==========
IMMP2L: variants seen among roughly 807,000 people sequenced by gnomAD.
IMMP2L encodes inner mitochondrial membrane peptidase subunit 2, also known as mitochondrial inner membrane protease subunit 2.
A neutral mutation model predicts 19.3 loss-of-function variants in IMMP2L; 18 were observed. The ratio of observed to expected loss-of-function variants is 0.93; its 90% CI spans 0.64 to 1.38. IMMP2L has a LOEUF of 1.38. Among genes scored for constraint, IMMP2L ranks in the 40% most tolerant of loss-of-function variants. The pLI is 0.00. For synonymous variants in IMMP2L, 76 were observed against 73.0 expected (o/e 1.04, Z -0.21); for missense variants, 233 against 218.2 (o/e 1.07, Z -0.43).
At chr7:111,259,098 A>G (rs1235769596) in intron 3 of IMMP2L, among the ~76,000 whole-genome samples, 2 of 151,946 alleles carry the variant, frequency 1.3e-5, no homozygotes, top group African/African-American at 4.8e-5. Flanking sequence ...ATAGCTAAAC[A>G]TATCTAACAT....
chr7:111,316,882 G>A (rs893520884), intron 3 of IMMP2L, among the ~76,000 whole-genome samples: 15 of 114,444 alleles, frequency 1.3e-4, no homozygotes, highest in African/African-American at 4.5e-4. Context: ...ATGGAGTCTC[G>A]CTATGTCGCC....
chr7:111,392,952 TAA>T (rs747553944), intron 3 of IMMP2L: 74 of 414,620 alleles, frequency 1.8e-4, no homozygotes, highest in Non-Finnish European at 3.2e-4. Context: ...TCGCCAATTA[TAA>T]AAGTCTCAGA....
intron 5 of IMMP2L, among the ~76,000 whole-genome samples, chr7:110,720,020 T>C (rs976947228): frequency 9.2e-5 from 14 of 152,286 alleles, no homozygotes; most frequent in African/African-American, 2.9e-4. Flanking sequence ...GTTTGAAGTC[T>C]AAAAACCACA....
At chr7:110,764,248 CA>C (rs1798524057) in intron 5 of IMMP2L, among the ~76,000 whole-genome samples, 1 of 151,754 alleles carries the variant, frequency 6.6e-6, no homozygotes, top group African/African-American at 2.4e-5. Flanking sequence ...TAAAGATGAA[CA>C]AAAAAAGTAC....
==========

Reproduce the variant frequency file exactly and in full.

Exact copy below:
IMMP2L: variants seen among roughly 807,000 people sequenced by gnomAD.
IMMP2L encodes inner mitochondrial membrane peptidase subunit 2, also known as mitochondrial inner membrane protease subunit 2.
A neutral mutation model predicts 19.3 loss-of-function variants in IMMP2L; 18 were observed. The ratio of observed to expected loss-of-function variants is 0.93; its 90% CI spans 0.64 to 1.38. IMMP2L has a LOEUF of 1.38. Among genes scored for constraint, IMMP2L ranks in the 40% most tolerant of loss-of-function variants. The pLI is 0.00. For synonymous variants in IMMP2L, 76 were observed against 73.0 expected (o/e 1.04, Z -0.21); for missense variants, 233 against 218.2 (o/e 1.07, Z -0.43).
At chr7:111,259,098 A>G (rs1235769596) in intron 3 of IMMP2L, among the ~76,000 whole-genome samples, 2 of 151,946 alleles carry the variant, frequency 1.3e-5, no homozygotes, top group African/African-American at 4.8e-5. Flanking sequence ...ATAGCTAAAC[A>G]TATCTAACAT....
chr7:111,316,882 G>A (rs893520884), intron 3 of IMMP2L, among the ~76,000 whole-genome samples: 15 of 114,444 alleles, frequency 1.3e-4, no homozygotes, highest in African/African-American at 4.5e-4. Context: ...ATGGAGTCTC[G>A]CTATGTCGCC....
chr7:111,392,952 TAA>T (rs747553944), intron 3 of IMMP2L: 74 of 414,620 alleles, frequency 1.8e-4, no homozygotes, highest in Non-Finnish European at 3.2e-4. Context: ...TCGCCAATTA[TAA>T]AAGTCTCAGA....
intron 5 of IMMP2L, among the ~76,000 whole-genome samples, chr7:110,720,020 T>C (rs976947228): frequency 9.2e-5 from 14 of 152,286 alleles, no homozygotes; most frequent in African/African-American, 2.9e-4. Flanking sequence ...GTTTGAAGTC[T>C]AAAAACCACA....
At chr7:110,764,248 CA>C (rs1798524057) in intron 5 of IMMP2L, among the ~76,000 whole-genome samples, 1 of 151,754 alleles carries the variant, frequency 6.6e-6, no homozygotes, top group African/African-American at 2.4e-5. Flanking sequence ...TAAAGATGAA[CA>C]AAAAAAGTAC....